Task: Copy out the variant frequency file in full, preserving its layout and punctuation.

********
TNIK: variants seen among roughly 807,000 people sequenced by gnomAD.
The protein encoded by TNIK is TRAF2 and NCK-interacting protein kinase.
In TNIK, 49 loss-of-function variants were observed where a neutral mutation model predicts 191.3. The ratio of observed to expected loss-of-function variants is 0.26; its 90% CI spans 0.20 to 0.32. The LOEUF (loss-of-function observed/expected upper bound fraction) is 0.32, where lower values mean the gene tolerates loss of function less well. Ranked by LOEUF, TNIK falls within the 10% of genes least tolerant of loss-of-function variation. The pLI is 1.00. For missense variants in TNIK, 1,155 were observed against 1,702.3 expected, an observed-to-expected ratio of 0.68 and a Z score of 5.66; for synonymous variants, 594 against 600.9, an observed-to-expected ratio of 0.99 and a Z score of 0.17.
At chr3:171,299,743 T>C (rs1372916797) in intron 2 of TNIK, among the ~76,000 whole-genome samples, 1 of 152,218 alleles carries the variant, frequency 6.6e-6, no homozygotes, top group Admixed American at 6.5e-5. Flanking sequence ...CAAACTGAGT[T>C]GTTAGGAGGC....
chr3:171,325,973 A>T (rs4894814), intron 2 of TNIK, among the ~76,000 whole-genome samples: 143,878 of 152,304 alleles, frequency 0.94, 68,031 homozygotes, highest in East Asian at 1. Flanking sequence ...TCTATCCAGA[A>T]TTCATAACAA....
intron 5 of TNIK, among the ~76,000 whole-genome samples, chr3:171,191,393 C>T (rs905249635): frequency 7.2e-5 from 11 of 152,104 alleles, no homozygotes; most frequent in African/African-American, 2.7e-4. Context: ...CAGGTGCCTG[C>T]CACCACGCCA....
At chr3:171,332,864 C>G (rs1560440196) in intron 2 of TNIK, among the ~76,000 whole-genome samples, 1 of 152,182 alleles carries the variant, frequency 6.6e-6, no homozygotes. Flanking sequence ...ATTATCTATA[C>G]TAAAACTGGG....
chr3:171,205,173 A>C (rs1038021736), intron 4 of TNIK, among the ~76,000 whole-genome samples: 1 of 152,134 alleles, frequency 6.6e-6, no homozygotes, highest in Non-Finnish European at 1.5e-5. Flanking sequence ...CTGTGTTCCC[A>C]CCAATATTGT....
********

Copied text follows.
TNIK: variants seen among roughly 807,000 people sequenced by gnomAD.
The protein encoded by TNIK is TRAF2 and NCK-interacting protein kinase.
In TNIK, 49 loss-of-function variants were observed where a neutral mutation model predicts 191.3. The ratio of observed to expected loss-of-function variants is 0.26; its 90% CI spans 0.20 to 0.32. The LOEUF (loss-of-function observed/expected upper bound fraction) is 0.32, where lower values mean the gene tolerates loss of function less well. Ranked by LOEUF, TNIK falls within the 10% of genes least tolerant of loss-of-function variation. The pLI is 1.00. For missense variants in TNIK, 1,155 were observed against 1,702.3 expected, an observed-to-expected ratio of 0.68 and a Z score of 5.66; for synonymous variants, 594 against 600.9, an observed-to-expected ratio of 0.99 and a Z score of 0.17.
At chr3:171,299,743 T>C (rs1372916797) in intron 2 of TNIK, among the ~76,000 whole-genome samples, 1 of 152,218 alleles carries the variant, frequency 6.6e-6, no homozygotes, top group Admixed American at 6.5e-5. Flanking sequence ...CAAACTGAGT[T>C]GTTAGGAGGC....
chr3:171,325,973 A>T (rs4894814), intron 2 of TNIK, among the ~76,000 whole-genome samples: 143,878 of 152,304 alleles, frequency 0.94, 68,031 homozygotes, highest in East Asian at 1. Flanking sequence ...TCTATCCAGA[A>T]TTCATAACAA....
intron 5 of TNIK, among the ~76,000 whole-genome samples, chr3:171,191,393 C>T (rs905249635): frequency 7.2e-5 from 11 of 152,104 alleles, no homozygotes; most frequent in African/African-American, 2.7e-4. Context: ...CAGGTGCCTG[C>T]CACCACGCCA....
At chr3:171,332,864 C>G (rs1560440196) in intron 2 of TNIK, among the ~76,000 whole-genome samples, 1 of 152,182 alleles carries the variant, frequency 6.6e-6, no homozygotes. Flanking sequence ...ATTATCTATA[C>G]TAAAACTGGG....
chr3:171,205,173 A>C (rs1038021736), intron 4 of TNIK, among the ~76,000 whole-genome samples: 1 of 152,134 alleles, frequency 6.6e-6, no homozygotes, highest in Non-Finnish European at 1.5e-5. Flanking sequence ...CTGTGTTCCC[A>C]CCAATATTGT....